InfoLab21 Leads £3.24m Creativity Project
Story supplied by LU Press Office
Computer Scientists at InfoLab21 are leading a £3.24 million project investigating the role of creativity in science and technology.
Computer scientists, psychologists, artists and designers from across Europe have embarked on the four-year project which aims to advance the current understanding of the creative design process applied in scientific and technological problem solving.
Poetry, art and music will all come under the microscope of the research network which brings together seven institutions from the UK, Denmark, the Netherlands, Italy and Portugal and benefits from the participation of Philips Research as an industrial partner.
Researchers hope their work will lead to the elaboration of:
- Theories and models of creative processes and creative problem solving
- Methods, techniques and systems to support creative design processes and creativity training.
The project - called DESIRE - is led by Dr. Corina Sas from the Computing Department in Lancaster University's InfoLab21.
She said: 'Writing poetry, designing computer programmes or solving research questions all demand a high level of creative thinking.
"This work sets out not only to try to get a better understanding of those creative processes but also to find new ways of supporting creative problem solving.
"Our research findings will be just as applicable whether you are building an interface for a wearable computer (such as a jacket that can read your heart rate) or working in the field of augmented reality - technology which enables you to overlay information from the web onto the real world creating an 'augmented' view of the world around us."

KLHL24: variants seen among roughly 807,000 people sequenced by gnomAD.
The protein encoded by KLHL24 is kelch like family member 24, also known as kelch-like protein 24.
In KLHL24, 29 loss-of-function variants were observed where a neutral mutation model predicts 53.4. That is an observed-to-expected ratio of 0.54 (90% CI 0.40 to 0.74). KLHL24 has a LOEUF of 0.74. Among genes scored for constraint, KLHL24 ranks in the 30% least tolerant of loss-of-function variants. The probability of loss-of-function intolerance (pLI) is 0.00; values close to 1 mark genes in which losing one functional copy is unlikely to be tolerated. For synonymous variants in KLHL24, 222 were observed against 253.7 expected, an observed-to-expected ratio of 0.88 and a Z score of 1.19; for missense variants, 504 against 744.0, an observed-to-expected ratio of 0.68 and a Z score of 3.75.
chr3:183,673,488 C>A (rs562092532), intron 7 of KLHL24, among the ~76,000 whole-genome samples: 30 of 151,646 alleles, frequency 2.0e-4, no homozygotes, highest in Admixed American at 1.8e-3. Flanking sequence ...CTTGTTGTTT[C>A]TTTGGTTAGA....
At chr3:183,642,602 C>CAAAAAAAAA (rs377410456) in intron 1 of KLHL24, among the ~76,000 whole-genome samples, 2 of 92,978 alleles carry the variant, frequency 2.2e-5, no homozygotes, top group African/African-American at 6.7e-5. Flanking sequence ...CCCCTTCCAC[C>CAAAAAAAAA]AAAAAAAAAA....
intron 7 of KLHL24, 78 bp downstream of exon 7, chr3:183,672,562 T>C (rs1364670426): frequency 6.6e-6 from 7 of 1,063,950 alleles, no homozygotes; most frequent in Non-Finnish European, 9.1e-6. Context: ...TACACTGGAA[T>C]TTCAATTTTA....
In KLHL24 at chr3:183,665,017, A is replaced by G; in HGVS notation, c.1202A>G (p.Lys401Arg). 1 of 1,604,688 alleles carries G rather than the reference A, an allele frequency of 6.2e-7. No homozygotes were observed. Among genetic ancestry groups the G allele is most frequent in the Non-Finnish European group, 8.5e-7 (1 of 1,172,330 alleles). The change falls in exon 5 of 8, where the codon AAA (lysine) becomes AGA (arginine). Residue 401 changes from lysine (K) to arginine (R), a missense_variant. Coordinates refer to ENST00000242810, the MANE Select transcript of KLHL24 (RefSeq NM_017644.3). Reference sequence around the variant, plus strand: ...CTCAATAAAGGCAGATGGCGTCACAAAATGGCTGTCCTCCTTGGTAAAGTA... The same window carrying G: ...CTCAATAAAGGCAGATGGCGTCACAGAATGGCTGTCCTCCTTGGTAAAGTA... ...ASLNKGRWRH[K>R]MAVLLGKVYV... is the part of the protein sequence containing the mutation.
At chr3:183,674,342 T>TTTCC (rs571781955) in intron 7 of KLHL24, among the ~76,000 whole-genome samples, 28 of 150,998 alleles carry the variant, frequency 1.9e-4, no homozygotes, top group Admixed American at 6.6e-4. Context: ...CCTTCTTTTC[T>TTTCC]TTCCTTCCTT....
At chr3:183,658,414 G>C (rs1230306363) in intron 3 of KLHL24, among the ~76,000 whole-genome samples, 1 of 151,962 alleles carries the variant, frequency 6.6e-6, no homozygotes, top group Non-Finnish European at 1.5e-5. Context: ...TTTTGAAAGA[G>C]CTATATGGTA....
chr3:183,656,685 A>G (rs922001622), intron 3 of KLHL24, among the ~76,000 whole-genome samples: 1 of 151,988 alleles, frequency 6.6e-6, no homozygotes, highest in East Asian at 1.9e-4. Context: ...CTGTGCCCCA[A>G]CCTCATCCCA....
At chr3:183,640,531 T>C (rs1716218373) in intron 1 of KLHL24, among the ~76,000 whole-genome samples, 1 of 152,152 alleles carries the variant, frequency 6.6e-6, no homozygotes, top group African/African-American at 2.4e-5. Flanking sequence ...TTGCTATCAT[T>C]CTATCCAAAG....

DESIRE is an Initial Training Network funded by the European Commission under the 7th Framework - Marie Curie Actions Programme.
Thirteen PhD students and two Post Doctorates are taking part in the intensive research training programme, which includes industrial secondments and four large events open to the relevant research communities.
The first event was a summer school, which took place in Gargnano, Italy in September 2009. Thirty-one students participated, most of them with a background in computer science, design, human-computer interaction or communication science.
Future events include:
- a conference in Aarhus, Denmark on 16-17 August 2010
- a summer school in Portugal between 19-25 September 2010
- a conference in the Netherlands in 2011.
Details about these events will be made available on the project website at the link below.
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